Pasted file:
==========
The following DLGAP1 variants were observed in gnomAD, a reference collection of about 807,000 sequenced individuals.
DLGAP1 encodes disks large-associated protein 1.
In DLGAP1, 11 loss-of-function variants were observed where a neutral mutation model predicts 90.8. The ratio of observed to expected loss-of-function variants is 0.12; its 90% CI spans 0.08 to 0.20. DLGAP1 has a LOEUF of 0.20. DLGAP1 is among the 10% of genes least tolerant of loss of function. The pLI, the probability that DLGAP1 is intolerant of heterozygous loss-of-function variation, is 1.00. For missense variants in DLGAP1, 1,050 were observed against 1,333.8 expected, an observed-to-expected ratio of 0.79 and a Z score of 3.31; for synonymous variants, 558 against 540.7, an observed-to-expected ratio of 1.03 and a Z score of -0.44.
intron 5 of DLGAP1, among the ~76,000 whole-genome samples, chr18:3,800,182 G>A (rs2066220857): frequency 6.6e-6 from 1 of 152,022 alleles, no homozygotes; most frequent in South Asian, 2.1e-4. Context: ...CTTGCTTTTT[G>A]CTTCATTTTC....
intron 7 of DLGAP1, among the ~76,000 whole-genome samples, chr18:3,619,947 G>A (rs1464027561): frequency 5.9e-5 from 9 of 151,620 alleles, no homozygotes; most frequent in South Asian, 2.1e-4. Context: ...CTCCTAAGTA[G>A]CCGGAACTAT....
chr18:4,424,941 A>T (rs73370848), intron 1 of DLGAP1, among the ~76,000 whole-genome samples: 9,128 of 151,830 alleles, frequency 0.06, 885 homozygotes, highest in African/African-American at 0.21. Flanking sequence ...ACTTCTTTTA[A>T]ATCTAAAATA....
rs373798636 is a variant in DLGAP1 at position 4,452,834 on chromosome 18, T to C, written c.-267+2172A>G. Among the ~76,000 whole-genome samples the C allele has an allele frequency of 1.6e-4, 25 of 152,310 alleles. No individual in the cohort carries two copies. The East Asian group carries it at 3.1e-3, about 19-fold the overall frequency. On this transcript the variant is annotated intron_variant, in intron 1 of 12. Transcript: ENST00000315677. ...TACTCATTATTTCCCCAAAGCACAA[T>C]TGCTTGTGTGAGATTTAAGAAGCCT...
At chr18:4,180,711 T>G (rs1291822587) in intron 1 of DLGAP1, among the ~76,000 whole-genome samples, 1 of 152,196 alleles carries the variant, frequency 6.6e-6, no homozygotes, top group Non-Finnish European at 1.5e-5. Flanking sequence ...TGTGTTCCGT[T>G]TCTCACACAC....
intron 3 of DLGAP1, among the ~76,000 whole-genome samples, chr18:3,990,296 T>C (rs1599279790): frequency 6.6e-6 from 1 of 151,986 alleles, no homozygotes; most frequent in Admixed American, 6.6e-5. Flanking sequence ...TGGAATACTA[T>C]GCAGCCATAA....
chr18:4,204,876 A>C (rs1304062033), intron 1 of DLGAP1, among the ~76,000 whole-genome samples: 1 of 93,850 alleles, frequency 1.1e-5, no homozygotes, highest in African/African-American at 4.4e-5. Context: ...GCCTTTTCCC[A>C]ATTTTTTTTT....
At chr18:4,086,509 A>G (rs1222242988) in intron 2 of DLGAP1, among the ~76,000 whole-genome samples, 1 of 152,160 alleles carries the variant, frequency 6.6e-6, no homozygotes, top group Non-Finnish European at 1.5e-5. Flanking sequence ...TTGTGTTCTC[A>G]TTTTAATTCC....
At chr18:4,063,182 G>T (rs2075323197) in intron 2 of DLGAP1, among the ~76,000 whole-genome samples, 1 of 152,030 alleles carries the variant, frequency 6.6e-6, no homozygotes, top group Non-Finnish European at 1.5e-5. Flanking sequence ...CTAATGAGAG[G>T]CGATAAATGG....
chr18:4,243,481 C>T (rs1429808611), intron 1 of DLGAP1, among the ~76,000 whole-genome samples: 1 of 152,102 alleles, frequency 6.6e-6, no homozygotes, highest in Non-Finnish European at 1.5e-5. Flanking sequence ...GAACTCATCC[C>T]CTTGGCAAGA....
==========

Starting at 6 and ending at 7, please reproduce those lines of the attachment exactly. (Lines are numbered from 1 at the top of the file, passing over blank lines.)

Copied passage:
chr18:4,424,941 A>T (rs73370848), intron 1 of DLGAP1, among the ~76,000 whole-genome samples: 9,128 of 151,830 alleles, frequency 0.06, 885 homozygotes, highest in African/African-American at 0.21. Flanking sequence ...ACTTCTTTTA[A>T]ATCTAAAATA....
rs373798636 is a variant in DLGAP1 at position 4,452,834 on chromosome 18, T to C, written c.-267+2172A>G. Among the ~76,000 whole-genome samples the C allele has an allele frequency of 1.6e-4, 25 of 152,310 alleles. No individual in the cohort carries two copies. The East Asian group carries it at 3.1e-3, about 19-fold the overall frequency. On this transcript the variant is annotated intron_variant, in intron 1 of 12. Transcript: ENST00000315677. ...TACTCATTATTTCCCCAAAGCACAA[T>C]TGCTTGTGTGAGATTTAAGAAGCCT...